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The train accelerates, leaving the city enveloped in a dense pink hue. The beaten carriages rush towards suburbs, desperate for country air and wide-open spaces.


The tightly wound shoulders of fellow commuters loosen a little with each stop while lowered heads and twitching thumbs search for connection.

Through the graffiti-etched train window, the next station approaches.

As the electronic door opens, a welcome breeze blows my long loose hair out of my face.

A tall guy, in his early twenties, steps aboard and sits opposite me. He drops his bag on the floor between his feet and smiles at the purple-haired lady sitting next to me by the window. As his eyes meet mine, a small dimple appears on his cheek.

The doors close and the train whirs forward.

‘I’m Jack,’ he says.

The woman next to me smiles and looks at her phone.

‘Sophie.’ My cheeks burn and my neckline prickles. I pull a book out my bag and use it to shield me from the flow of energy that’s swirling between us.

Patches of sweat under Jack’s arms, bleed into his light-blue work shirt, and his wristwatch and formal trousers suggest it’s been a long day at the office.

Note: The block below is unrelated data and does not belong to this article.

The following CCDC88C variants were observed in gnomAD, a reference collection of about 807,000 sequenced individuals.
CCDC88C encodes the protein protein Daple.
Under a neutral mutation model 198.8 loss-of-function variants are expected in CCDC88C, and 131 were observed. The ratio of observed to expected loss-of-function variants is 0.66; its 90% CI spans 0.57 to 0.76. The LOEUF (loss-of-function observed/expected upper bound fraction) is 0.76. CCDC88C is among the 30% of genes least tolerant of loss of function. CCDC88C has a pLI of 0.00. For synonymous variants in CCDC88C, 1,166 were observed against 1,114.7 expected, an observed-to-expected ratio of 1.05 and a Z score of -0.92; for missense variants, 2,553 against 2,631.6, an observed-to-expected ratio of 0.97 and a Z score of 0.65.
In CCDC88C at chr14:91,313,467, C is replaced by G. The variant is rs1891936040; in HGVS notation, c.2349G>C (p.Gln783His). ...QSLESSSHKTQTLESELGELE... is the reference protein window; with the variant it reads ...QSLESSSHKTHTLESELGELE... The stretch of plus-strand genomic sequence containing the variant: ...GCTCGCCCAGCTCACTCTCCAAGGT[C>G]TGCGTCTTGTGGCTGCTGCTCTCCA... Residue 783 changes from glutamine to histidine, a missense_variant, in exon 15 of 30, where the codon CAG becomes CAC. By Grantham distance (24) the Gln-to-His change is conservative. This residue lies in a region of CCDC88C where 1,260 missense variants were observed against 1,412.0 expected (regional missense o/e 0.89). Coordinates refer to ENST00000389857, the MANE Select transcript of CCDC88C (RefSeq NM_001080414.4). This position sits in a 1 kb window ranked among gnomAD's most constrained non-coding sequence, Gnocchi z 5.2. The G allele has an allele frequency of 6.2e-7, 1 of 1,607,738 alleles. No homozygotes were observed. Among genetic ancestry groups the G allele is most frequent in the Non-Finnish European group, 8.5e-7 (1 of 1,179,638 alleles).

The carriage jolts and I lurch forward.

Jack reaches out. ‘You okay?’

I nod. The train rocks as it speeds up, and the gardens of terraced houses rush by quicker than usual.

The speed of the train is cranked up again and Jack frowns. I glance around the carriage. No one is looking at their phone anymore. Instead, they look at each other with concern.

The next station dashes past and my heart races.

A fierce screeching cuts through the air and bright sparks blaze outside our window.

Jack stands and our carriage tilts.

Under the sound of twisting metal, my scream goes unheard.

The lights go out and I’m slammed against the window.

Pain rages through my head and everything becomes still.

I shift my aching body and blood drips into my eye. The violet-haired lady lies on a bed of shattered glass and holds her arm. Jack lies on his back, unconscious.

I crawl to him and feel for a pulse, but there isn’t one.

I link my hands, start chest compressions, then take a deep breath and blow air into his lungs.

An iciness seeps into my bones, then nothing.

My eyes fix.

I can’t breathe.

I am frozen.

A blackness devours my awareness and I am infinite. I am all.

A blinding light fills the carriage.

I gasp and convulse.

A crushing weight presses against my chest—a body.

I roll it off and catch the icy stare—it’s me!

I sit up and hold out my shaking hands. The blood-stained cuffs of a light-blue shirt reveal the smashed face of a wristwatch I’m wearing.

‘Who am I?’ I choke. My voice is deep and ragged.

 The woman who sat next to me winces. ‘You told us your name was…Jack.’

The End

© Michelle Upton

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